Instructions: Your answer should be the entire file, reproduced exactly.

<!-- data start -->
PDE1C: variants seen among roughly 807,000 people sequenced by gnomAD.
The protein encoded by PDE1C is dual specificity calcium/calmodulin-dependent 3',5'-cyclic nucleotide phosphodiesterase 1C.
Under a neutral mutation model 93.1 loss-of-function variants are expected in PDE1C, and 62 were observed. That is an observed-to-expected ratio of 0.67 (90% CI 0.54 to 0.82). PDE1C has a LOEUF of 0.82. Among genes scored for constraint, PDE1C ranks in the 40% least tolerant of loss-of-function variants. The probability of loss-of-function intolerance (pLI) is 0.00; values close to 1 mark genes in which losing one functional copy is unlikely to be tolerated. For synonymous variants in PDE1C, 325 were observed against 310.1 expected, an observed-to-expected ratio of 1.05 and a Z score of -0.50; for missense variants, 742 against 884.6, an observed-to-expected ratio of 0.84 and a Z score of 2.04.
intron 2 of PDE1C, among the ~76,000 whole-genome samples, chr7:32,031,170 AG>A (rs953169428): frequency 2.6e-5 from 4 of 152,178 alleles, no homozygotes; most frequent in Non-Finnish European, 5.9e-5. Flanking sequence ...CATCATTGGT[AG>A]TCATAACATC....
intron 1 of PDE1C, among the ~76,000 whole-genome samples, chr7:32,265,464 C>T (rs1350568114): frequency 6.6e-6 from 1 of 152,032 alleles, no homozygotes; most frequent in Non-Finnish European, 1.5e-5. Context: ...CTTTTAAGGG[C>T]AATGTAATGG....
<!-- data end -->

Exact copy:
PDE1C: variants seen among roughly 807,000 people sequenced by gnomAD.
The protein encoded by PDE1C is dual specificity calcium/calmodulin-dependent 3',5'-cyclic nucleotide phosphodiesterase 1C.
Under a neutral mutation model 93.1 loss-of-function variants are expected in PDE1C, and 62 were observed. That is an observed-to-expected ratio of 0.67 (90% CI 0.54 to 0.82). PDE1C has a LOEUF of 0.82. Among genes scored for constraint, PDE1C ranks in the 40% least tolerant of loss-of-function variants. The probability of loss-of-function intolerance (pLI) is 0.00; values close to 1 mark genes in which losing one functional copy is unlikely to be tolerated. For synonymous variants in PDE1C, 325 were observed against 310.1 expected, an observed-to-expected ratio of 1.05 and a Z score of -0.50; for missense variants, 742 against 884.6, an observed-to-expected ratio of 0.84 and a Z score of 2.04.
intron 2 of PDE1C, among the ~76,000 whole-genome samples, chr7:32,031,170 AG>A (rs953169428): frequency 2.6e-5 from 4 of 152,178 alleles, no homozygotes; most frequent in Non-Finnish European, 5.9e-5. Flanking sequence ...CATCATTGGT[AG>A]TCATAACATC....
intron 1 of PDE1C, among the ~76,000 whole-genome samples, chr7:32,265,464 C>T (rs1350568114): frequency 6.6e-6 from 1 of 152,032 alleles, no homozygotes; most frequent in Non-Finnish European, 1.5e-5. Context: ...CTTTTAAGGG[C>T]AATGTAATGG....